President Trump has signed landmark legislation that will make the largest changes to the U.S. retirement system in years.
The new Setting Every Community Up for Retirement Enhancement (SECURE) Act makes sweeping changes on rules governing individual retirement accounts and employer-sponsored 401(k) plans. They affect not only people enrolled in 401(k)s and IRAs, but also small firms that want to offer 401(k)s to their staff.
Most of the changes the law ushers in apply to the 2020 tax year and beyond, unless noted below. Here are some of the main changes:
IRA required minimum distribution (RMD) age now 72
The SECURE Act raises the age that retirees are required to start making mandatory withdrawals from an IRA or 401(k) plan to 72, from 70 and a half. Starting in 2020, the new law pushes out the RMD start date for most situations until age 72.
By pushing back the RMD start date, the SECURE Act gives you additional time to allow your IRAs and 401(k)s to grow without being depleted by distributions and taxes.
This change only applies to those who turn 70 1/2 after Dec. 31, 2019. So, if you turned 70 1/2 in 2019 or earlier, you're unaffected.
The change is also good news for anybody who is holding a traditional IRA and is considering converting it to a Roth IRA. The law gives them until the age of 72 to do this, as well.
With a Roth IRA, unlike a traditional IRA, withdrawals are tax-free as long as you meet certain requirements вЂ• and there are no RMDs during your lifetime. The general goal of a Roth conversion is to convert taxable money in an IRA into a Roth IRA at lower tax rates today than you expect to pay in the future.
Conversion to guaranteed income vehicle
The SECURE Act will also allow employers to set up retirement savings plans that enable employees to convert their savings into guaranteed lifetime income, through annuities.
The law includes a safe-harbor provision that shields employers against lawsuits if the insurer they choose to make annuity payments doesn't pay claims in the future.
These products will likely not be available until regulations are written enabling them. So, they may not hit the market until late 2020 or 2021.
Small employer options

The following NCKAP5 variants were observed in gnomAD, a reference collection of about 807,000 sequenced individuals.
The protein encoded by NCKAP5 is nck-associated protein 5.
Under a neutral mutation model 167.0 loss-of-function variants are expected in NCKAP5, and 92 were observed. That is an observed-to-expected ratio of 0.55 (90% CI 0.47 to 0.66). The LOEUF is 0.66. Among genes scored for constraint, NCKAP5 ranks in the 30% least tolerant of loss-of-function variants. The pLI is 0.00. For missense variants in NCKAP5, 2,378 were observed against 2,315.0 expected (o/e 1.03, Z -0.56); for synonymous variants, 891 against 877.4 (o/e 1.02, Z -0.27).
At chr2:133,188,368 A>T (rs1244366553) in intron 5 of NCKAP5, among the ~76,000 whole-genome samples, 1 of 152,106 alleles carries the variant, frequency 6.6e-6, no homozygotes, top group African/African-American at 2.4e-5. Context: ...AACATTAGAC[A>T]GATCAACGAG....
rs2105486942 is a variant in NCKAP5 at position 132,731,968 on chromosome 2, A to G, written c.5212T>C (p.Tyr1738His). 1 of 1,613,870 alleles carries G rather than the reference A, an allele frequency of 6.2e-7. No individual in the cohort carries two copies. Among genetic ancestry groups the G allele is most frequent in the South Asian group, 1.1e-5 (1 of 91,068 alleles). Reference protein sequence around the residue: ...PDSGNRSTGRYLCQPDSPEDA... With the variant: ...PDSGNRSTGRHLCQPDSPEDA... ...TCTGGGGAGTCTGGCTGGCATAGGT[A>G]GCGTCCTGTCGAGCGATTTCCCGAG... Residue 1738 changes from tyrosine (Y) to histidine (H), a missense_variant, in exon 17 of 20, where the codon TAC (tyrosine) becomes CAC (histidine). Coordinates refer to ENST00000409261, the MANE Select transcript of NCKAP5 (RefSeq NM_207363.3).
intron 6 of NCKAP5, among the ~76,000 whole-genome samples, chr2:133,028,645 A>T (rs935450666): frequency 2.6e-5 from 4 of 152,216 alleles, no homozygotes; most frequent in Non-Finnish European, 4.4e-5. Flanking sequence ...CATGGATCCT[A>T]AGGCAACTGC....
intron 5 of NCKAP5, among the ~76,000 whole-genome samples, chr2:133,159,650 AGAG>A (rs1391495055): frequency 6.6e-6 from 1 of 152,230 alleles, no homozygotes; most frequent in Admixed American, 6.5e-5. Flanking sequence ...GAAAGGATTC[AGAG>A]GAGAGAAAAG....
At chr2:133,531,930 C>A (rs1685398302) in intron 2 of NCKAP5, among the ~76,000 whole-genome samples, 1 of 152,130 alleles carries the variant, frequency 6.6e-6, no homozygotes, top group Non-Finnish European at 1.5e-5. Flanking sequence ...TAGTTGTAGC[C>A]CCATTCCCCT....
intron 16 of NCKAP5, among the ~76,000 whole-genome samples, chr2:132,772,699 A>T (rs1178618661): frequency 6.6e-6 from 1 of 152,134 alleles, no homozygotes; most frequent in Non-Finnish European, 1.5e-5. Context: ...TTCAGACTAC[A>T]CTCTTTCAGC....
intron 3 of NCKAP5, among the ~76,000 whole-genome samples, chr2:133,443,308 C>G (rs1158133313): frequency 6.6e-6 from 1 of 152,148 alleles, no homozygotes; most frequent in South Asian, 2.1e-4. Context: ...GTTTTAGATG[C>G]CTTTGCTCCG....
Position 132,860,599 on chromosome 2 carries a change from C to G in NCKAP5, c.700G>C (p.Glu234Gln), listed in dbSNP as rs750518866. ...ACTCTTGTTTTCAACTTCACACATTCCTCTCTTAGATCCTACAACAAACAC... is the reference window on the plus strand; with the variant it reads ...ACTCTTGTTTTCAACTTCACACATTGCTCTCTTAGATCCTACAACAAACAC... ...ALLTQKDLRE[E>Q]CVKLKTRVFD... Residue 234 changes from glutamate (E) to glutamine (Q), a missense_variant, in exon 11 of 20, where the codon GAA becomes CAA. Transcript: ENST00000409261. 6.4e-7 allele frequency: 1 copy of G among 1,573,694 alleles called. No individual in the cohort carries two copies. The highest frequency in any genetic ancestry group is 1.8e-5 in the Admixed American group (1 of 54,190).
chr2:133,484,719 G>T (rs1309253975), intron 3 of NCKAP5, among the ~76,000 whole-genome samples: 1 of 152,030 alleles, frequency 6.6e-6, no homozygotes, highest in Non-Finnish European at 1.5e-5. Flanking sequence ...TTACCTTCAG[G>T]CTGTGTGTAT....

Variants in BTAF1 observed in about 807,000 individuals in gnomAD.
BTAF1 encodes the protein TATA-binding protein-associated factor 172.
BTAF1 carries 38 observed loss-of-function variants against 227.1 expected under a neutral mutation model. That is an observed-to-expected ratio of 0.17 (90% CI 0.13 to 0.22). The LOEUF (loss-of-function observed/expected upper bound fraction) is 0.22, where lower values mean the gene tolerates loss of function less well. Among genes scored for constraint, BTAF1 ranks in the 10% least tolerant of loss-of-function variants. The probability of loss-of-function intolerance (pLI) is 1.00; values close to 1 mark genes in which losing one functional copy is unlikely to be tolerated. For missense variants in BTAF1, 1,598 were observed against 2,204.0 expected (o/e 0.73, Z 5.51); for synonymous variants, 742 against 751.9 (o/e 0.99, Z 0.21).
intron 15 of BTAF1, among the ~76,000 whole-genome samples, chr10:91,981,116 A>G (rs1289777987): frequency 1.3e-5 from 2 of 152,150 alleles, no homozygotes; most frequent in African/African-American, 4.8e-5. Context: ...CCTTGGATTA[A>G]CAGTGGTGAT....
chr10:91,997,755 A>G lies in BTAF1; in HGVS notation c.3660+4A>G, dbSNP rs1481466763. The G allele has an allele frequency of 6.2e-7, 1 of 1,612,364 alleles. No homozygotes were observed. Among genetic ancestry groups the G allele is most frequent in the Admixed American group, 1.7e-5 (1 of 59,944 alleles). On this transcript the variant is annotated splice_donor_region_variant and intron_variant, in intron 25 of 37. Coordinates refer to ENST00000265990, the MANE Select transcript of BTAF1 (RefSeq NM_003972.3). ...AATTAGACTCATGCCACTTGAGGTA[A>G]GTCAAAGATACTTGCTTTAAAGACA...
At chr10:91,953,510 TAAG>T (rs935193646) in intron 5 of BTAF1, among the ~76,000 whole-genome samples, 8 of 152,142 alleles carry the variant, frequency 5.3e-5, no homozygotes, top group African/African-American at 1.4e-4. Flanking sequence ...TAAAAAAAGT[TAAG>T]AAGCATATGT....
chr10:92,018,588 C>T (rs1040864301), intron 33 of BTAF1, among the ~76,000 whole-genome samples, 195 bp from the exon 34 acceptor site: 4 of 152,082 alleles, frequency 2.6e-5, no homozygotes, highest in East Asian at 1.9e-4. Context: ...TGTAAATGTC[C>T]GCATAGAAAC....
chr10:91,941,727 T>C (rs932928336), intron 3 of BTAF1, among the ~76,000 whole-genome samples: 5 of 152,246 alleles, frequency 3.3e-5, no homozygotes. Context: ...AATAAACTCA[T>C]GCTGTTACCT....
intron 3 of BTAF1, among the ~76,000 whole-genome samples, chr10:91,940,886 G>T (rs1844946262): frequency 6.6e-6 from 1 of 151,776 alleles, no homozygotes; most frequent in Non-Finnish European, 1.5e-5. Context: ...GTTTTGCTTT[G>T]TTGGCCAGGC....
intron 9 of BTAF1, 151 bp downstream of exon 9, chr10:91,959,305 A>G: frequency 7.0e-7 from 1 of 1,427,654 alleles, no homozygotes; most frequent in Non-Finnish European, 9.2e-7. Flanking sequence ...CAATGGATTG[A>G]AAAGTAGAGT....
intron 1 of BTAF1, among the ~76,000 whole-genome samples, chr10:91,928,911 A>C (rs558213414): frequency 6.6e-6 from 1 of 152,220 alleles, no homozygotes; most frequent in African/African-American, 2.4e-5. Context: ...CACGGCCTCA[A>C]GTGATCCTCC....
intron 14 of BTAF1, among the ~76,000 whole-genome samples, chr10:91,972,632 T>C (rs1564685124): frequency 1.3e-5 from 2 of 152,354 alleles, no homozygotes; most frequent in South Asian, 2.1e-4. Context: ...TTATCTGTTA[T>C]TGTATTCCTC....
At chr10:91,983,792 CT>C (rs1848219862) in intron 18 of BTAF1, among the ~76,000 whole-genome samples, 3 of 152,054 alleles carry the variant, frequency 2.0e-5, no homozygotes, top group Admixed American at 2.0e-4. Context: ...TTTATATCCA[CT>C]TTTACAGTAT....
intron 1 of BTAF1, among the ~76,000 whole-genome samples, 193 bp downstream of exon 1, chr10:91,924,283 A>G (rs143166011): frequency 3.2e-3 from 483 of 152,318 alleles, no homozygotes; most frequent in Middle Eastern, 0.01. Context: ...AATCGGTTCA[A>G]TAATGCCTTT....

It's always been difficult for small employers to offer the same types of 401(k) plans as large companies, since they do not have the economies of scale. The cost is often prohibitive.
The SECURE Act paves the way for small firms to form groups to offer multiple employer plans (MEPs). These plans allow them to form a plan that can attain its own economies of scale for the participants. MEPs are currently allowed, but only for businesses with a relationship such as a common owner.
The MEP provision does not take effect until 2021. There may also have to be some rulemaking before it comes into effect.
Part-timers can save too
The SECURE Act also changes the law to allow part-time workers to be eligible to participate in employer 401(k) plans. Under new rules, employees who work more than 500 hours a year for three consecutive years can become eligible to participate in the company plan.
IRA age contribution cap lifted
For tax years beginning after 2019, the Secure Act repeals the age restriction on contributions to traditional IRAs. Prior to 2020, once you turned 70 ½ you were ineligible from making any more contributions to your traditional IRA (the lack of age restriction for Roth IRAs is unaffected and remains in place).
Under the new law, for tax years beginning in 2020 and beyond, you can indefinitely make contributions after reaching age 70 ½.
This law change means a couple over 70 ½ will be allowed to contribute more than $14,000 combined to an IRA in 2020 if both spouses are contributing the maximum of $7,000 a year.
Stretch provisions eliminated
The Secure Act requires most non-spouse IRA and retirement plan beneficiaries to drain inherited accounts within 10 years after the account owner's death, or face tax obligations.
Under provisions that were in effect until the end of 2019, if a traditional IRA was left to a beneficiary, that person could stretch out the RMDs over their own life expectancy, essentially "stretching" out the tax benefits of the retirement account.
The new law exempts surviving spouses, minor children and those not more than 10 years younger than the deceased from the new 10-year provisions.
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